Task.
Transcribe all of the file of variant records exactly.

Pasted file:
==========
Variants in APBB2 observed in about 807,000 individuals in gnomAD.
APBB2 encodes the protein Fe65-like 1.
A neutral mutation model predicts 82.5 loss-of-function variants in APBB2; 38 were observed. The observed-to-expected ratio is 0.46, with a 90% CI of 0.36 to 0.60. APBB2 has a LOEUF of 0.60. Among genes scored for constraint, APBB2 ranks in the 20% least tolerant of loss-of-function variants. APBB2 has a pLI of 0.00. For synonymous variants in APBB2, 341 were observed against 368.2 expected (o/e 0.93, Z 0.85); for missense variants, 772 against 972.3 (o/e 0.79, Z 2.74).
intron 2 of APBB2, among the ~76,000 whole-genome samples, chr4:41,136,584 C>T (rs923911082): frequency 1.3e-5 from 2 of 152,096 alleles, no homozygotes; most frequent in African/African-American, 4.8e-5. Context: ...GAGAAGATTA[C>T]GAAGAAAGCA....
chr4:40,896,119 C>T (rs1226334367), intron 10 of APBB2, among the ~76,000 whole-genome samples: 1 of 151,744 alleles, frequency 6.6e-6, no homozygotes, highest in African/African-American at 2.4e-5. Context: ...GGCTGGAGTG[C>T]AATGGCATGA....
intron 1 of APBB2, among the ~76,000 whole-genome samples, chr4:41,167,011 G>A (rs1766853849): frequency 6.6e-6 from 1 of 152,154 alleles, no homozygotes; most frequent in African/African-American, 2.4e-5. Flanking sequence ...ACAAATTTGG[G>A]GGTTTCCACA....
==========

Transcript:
Variants in APBB2 observed in about 807,000 individuals in gnomAD.
APBB2 encodes the protein Fe65-like 1.
A neutral mutation model predicts 82.5 loss-of-function variants in APBB2; 38 were observed. The observed-to-expected ratio is 0.46, with a 90% CI of 0.36 to 0.60. APBB2 has a LOEUF of 0.60. Among genes scored for constraint, APBB2 ranks in the 20% least tolerant of loss-of-function variants. APBB2 has a pLI of 0.00. For synonymous variants in APBB2, 341 were observed against 368.2 expected (o/e 0.93, Z 0.85); for missense variants, 772 against 972.3 (o/e 0.79, Z 2.74).
intron 2 of APBB2, among the ~76,000 whole-genome samples, chr4:41,136,584 C>T (rs923911082): frequency 1.3e-5 from 2 of 152,096 alleles, no homozygotes; most frequent in African/African-American, 4.8e-5. Context: ...GAGAAGATTA[C>T]GAAGAAAGCA....
chr4:40,896,119 C>T (rs1226334367), intron 10 of APBB2, among the ~76,000 whole-genome samples: 1 of 151,744 alleles, frequency 6.6e-6, no homozygotes, highest in African/African-American at 2.4e-5. Context: ...GGCTGGAGTG[C>T]AATGGCATGA....
intron 1 of APBB2, among the ~76,000 whole-genome samples, chr4:41,167,011 G>A (rs1766853849): frequency 6.6e-6 from 1 of 152,154 alleles, no homozygotes; most frequent in African/African-American, 2.4e-5. Flanking sequence ...ACAAATTTGG[G>A]GGTTTCCACA....